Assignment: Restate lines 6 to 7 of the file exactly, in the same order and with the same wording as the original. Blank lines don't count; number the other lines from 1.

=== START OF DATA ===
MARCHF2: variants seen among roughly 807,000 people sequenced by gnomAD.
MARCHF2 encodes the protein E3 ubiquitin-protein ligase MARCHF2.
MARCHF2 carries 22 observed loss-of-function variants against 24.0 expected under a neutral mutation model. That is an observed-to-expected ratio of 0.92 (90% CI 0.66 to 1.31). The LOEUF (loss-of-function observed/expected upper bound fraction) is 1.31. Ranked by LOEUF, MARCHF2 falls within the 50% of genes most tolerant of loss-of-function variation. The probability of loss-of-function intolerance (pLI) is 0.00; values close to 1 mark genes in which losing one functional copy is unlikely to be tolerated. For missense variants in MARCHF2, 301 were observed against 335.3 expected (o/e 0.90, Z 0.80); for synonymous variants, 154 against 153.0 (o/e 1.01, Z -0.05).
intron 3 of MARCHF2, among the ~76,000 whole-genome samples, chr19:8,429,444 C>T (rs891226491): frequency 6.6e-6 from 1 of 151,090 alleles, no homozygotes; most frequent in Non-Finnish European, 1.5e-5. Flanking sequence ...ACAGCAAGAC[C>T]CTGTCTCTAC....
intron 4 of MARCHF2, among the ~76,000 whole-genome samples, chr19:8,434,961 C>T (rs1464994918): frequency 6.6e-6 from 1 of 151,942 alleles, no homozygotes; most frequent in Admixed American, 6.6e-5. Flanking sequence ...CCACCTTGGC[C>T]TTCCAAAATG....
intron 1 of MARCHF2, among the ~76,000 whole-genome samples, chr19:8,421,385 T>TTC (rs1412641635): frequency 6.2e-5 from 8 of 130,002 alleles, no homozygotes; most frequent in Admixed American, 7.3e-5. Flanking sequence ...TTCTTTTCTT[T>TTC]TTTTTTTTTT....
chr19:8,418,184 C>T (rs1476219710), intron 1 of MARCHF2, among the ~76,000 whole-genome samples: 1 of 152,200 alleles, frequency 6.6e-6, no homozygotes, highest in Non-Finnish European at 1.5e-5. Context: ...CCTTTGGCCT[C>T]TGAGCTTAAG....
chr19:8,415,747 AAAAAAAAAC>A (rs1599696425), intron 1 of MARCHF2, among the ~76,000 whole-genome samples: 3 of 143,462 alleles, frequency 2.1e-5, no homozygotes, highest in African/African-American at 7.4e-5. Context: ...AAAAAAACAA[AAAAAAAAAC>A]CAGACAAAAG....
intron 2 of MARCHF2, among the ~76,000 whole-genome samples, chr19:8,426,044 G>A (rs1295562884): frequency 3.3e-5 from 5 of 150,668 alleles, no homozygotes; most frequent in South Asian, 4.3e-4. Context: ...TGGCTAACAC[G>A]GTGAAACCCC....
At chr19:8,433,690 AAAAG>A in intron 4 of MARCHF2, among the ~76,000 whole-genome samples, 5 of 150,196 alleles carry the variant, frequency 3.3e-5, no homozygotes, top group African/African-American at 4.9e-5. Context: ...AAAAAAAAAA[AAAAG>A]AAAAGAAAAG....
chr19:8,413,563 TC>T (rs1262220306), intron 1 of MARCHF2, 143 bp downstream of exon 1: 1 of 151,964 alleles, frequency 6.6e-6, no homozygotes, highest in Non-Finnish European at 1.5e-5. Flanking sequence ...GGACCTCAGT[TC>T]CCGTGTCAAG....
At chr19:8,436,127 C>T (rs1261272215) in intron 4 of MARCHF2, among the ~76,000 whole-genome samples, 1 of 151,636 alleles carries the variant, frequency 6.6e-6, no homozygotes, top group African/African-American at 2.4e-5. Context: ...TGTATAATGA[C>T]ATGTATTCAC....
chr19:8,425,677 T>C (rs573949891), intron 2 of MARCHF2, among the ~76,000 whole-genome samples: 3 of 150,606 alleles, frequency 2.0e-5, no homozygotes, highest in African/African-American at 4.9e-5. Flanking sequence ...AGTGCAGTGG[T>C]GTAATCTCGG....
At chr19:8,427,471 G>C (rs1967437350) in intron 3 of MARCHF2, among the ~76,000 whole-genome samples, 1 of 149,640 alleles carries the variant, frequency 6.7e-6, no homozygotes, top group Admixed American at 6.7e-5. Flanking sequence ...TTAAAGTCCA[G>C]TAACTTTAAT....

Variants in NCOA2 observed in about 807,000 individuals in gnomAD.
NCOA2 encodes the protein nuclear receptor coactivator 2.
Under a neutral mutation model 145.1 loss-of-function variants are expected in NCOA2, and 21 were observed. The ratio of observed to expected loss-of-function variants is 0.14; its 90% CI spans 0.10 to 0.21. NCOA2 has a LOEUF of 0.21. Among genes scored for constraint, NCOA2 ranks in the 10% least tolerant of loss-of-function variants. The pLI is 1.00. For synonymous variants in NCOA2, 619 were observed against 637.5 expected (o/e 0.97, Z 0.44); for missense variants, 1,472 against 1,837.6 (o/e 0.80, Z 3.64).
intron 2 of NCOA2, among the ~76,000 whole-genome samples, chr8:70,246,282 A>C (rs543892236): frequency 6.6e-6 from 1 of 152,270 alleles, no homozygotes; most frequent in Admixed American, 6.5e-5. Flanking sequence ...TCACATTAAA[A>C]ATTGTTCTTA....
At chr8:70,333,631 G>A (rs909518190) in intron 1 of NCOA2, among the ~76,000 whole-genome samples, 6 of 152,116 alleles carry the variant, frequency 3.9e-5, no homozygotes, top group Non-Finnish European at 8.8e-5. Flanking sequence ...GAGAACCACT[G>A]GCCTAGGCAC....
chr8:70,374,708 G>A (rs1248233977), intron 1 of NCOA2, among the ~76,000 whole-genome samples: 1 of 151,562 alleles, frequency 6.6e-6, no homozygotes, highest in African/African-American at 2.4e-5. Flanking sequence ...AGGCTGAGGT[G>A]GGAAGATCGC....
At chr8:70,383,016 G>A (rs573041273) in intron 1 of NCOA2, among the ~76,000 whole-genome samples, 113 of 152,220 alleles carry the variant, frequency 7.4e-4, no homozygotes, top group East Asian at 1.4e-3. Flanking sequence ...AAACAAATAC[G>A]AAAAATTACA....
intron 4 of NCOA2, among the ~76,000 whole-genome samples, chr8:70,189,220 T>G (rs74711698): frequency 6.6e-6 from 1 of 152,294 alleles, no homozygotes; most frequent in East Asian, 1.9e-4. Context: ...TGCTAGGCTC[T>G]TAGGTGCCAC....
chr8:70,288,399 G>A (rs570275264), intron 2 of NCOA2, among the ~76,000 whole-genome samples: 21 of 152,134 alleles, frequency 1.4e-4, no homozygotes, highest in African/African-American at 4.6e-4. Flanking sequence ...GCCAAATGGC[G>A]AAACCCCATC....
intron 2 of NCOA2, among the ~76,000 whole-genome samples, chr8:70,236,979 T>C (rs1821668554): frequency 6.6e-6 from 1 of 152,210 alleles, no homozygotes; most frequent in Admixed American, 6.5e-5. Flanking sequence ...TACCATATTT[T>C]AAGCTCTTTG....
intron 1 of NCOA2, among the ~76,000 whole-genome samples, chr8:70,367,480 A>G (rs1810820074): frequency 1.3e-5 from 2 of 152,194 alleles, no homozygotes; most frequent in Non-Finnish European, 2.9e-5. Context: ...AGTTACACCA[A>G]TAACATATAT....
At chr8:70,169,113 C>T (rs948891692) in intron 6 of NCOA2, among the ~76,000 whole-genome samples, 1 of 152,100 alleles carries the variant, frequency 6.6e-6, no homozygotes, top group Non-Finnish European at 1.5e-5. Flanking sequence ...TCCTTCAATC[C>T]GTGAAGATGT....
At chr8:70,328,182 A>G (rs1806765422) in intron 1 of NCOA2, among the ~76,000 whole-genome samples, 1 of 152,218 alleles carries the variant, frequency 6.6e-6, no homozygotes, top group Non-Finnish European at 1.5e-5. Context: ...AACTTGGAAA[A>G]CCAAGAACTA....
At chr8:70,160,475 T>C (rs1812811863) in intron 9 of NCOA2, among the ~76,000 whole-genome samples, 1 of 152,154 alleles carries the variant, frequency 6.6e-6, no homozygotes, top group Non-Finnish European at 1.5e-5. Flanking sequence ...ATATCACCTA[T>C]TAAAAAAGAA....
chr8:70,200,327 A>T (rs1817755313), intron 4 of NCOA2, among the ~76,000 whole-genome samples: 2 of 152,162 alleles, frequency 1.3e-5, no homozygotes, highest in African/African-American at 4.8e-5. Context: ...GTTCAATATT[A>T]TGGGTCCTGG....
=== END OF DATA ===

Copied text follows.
intron 1 of MARCHF2, among the ~76,000 whole-genome samples, chr19:8,421,385 T>TTC (rs1412641635): frequency 6.2e-5 from 8 of 130,002 alleles, no homozygotes; most frequent in Admixed American, 7.3e-5. Flanking sequence ...TTCTTTTCTT[T>TTC]TTTTTTTTTT....
chr19:8,418,184 C>T (rs1476219710), intron 1 of MARCHF2, among the ~76,000 whole-genome samples: 1 of 152,200 alleles, frequency 6.6e-6, no homozygotes, highest in Non-Finnish European at 1.5e-5. Context: ...CCTTTGGCCT[C>T]TGAGCTTAAG....